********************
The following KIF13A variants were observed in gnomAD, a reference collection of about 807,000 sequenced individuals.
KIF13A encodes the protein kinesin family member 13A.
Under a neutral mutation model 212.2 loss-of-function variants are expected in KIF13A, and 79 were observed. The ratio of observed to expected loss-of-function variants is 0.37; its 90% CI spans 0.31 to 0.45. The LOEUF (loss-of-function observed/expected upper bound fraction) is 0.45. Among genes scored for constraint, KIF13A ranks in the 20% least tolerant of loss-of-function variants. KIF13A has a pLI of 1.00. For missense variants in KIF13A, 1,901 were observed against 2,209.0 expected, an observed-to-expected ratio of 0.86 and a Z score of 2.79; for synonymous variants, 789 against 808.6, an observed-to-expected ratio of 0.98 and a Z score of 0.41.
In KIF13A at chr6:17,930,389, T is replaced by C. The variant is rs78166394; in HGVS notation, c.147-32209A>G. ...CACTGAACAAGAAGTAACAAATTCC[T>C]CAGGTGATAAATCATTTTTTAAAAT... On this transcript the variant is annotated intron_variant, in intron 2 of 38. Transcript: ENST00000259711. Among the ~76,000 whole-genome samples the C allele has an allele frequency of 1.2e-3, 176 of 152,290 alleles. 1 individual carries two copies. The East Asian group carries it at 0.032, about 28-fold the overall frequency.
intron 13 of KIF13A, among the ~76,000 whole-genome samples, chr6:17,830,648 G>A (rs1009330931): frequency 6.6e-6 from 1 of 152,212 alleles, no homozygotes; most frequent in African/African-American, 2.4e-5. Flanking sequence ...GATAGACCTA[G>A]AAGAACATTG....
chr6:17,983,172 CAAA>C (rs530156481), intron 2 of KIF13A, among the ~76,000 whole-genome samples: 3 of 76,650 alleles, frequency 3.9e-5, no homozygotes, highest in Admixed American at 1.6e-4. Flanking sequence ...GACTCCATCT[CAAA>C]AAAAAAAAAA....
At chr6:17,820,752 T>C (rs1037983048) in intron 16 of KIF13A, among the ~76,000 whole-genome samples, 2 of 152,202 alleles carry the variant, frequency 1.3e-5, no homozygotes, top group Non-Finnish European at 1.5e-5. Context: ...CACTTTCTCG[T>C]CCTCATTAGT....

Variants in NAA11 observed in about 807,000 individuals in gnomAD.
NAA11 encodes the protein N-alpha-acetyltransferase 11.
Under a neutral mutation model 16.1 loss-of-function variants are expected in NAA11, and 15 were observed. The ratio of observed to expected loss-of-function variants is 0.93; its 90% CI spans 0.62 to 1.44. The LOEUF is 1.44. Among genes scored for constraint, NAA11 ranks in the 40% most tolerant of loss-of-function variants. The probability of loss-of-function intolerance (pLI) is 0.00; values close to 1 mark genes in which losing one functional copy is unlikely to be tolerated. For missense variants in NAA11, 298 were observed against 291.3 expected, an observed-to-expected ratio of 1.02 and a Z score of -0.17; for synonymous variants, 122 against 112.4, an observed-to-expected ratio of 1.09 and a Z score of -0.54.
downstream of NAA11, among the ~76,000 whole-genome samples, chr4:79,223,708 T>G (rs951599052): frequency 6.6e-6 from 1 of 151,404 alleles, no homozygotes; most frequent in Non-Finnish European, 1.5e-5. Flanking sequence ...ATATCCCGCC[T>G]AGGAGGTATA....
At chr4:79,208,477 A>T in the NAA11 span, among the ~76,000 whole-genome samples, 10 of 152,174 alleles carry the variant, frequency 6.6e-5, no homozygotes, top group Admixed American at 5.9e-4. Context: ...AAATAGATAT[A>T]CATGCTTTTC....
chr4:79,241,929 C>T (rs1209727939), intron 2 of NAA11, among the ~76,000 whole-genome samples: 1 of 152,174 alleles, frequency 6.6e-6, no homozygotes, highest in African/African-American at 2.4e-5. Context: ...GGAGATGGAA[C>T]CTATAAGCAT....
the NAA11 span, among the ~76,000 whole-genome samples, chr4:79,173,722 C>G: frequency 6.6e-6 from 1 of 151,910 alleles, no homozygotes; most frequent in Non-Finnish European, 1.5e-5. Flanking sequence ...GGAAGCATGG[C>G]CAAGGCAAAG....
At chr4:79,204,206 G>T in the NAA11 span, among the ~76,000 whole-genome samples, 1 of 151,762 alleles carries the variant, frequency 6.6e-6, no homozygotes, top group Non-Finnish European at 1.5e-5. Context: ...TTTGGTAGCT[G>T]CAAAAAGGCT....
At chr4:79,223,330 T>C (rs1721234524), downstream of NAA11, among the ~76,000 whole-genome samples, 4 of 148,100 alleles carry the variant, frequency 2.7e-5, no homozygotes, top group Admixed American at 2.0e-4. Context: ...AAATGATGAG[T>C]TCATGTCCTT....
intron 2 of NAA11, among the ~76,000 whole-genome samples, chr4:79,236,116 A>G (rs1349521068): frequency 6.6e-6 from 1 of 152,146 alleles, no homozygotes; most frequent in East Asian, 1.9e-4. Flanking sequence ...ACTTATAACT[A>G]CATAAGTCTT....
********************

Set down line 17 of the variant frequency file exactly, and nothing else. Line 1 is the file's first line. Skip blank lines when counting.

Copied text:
intron 2 of NAA11, among the ~76,000 whole-genome samples, chr4:79,236,116 A>G (rs1349521068): frequency 6.6e-6 from 1 of 152,146 alleles, no homozygotes; most frequent in East Asian, 1.9e-4. Flanking sequence ...ACTTATAACT[A>G]CATAAGTCTT....